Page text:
London’s Standard’s weekly series examines an artefact from the British Museum with origins in one of the capital’s diverse cultures. Rebecca Allen, a Museum curator, looks at a gorgeous Taíno sculpture.
This is a Taíno sculpture, probably dating from the 15th century. The Taíno were one of the pre-European, native peoples of the Caribbean, and this figure is from Jamaica. The sculpture is just over a metre tall, and is made of a very dense tropical hardwood called Guayacan, which has been polished with pebbles to give the surface a deep shine.
It depicts a male spirit-being in a drug-induced trance, and may have been used in religious rituals. In Taíno culture this figure embodied the life force, or “cemi”, which takes many forms and which could do powerful things. The figure is beautifully carved — the sculptor has seen the form of the figure within the wood and carved through to it, meaning the spirit is found within the wood itself.
On the figure’s back a prominent spine has been carved, showing each vertebra clearly, while on the face of the figure tear channels are shown. These are made more conspicuous by the use of gilding. The figure is in suspended animation, frozen in time, as tears stream down his face.
This object features in the current British Museum exhibition Shakespeare: Staging the World, supported by BP. At first glance it may seem an odd choice for an exhibition that focuses on Elizabethan and Jacobean London but it has very strong visual and imaginative links with one Shakespeare play in particular: The Tempest.
In the play, a group of sailors are frozen in time by Prospero, a shaman-like figure with magical powers. Prospero commands Ariel, a spirit of the island who owes his freedom to Prospero, to tell him how the enchanted prisoners are faring. Ariel describes the enchantment and tells how one man in particular — Gonzalo — has been trapped in time while tears flow down his cheeks:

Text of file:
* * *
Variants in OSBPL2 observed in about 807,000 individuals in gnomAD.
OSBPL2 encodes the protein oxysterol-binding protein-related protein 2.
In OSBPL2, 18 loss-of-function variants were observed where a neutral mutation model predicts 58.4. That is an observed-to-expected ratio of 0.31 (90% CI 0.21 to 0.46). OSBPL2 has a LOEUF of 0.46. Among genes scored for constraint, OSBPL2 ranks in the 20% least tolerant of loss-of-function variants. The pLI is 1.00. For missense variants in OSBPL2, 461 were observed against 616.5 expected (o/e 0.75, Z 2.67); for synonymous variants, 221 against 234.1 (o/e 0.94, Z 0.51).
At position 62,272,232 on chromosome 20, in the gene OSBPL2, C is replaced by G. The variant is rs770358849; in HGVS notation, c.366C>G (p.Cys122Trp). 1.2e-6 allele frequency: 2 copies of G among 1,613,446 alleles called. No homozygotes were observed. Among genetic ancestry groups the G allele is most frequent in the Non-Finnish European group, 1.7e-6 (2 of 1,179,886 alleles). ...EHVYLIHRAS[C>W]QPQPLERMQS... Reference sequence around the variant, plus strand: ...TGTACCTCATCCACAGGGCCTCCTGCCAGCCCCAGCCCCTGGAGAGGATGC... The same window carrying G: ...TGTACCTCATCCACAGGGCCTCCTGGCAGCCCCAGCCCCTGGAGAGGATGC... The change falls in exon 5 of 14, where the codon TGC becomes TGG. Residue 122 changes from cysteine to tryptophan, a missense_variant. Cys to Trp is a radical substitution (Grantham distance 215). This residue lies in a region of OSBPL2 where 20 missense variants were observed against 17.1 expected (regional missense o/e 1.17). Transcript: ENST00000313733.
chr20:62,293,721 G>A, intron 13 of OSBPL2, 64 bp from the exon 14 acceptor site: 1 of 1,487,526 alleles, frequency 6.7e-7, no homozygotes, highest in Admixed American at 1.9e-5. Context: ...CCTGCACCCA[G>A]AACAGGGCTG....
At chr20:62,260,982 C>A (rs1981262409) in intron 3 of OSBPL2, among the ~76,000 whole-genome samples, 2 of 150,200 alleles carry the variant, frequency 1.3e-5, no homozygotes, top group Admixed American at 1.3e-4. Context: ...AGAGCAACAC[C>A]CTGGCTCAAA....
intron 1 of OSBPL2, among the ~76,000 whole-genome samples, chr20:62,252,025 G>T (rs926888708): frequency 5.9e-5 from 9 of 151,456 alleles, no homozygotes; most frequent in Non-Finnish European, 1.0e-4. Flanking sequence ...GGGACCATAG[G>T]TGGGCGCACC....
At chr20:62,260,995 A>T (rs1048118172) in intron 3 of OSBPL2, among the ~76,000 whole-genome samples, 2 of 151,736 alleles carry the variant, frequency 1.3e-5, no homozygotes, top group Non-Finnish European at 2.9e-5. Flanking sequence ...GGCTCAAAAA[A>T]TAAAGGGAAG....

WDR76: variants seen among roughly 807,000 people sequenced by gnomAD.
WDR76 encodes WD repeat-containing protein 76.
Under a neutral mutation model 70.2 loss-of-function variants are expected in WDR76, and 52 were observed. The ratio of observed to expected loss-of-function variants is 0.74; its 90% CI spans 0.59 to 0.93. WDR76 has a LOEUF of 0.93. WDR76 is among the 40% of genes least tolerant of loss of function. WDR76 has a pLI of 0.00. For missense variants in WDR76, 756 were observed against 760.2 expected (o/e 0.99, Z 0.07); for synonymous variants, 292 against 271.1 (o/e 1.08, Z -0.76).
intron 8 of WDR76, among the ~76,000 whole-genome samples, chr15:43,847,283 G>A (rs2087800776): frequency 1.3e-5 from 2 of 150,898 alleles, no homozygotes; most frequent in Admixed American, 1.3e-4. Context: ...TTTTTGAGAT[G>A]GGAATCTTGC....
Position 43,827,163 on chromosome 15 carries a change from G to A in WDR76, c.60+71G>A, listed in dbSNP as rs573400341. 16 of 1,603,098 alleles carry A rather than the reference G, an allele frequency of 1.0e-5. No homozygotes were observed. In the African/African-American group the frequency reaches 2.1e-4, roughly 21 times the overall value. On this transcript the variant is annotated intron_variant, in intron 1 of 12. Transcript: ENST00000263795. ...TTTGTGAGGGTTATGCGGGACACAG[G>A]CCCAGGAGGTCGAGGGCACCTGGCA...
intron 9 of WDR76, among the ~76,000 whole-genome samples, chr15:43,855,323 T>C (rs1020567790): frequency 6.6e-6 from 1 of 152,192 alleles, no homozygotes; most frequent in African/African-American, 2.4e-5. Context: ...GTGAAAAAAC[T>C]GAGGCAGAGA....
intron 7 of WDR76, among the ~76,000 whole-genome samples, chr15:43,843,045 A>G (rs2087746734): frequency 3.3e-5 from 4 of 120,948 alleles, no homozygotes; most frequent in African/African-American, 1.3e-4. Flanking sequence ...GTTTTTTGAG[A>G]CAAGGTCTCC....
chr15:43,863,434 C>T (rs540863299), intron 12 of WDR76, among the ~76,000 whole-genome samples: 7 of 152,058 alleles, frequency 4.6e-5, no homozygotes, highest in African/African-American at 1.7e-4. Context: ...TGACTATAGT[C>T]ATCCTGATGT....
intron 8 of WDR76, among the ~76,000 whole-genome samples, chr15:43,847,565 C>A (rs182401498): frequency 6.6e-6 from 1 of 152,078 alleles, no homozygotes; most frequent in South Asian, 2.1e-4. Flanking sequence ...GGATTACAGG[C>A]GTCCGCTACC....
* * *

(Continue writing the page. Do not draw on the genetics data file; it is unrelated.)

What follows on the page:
“Him that you termed, sir, the good old lord Gonzalo: his tears run down his beard, like winter’s drops, from eaves of reeds” (The Tempest, Act 5, Scene 1).
This description is evocative of the kind of magical transformation represented by this sculpture. The enchantment Ariel describes is matched in the face of this figure.
Another thematic link with The Tempest lies at the point where Ariel is freed by Prospero from being trapped in an enchanted tree: “It was mine art, when I arrived and heard thee, that made gape the pine and let thee out’ (Act 1, Scene 2). This is reminiscent of the Taíno understanding that to carve wood is to free the form within it. Ariel, the spirit, has been freed from his imprisonment in the pine.
There are surprising and poetic links between the way Shakespeare imagined the nature of enchantment, and the understandings and insights of the Taíno people of the Caribbean.
On display in the BP Exhibition Shakespeare: Staging the World at the British Museum, WC1 (020 7323 8299, britishmuseum.org).
For the original report go to http://www.standard.co.uk/arts/visual-arts/london-a-world-city-in-20-objects-no-5-the-tano-sculpture-8273207.html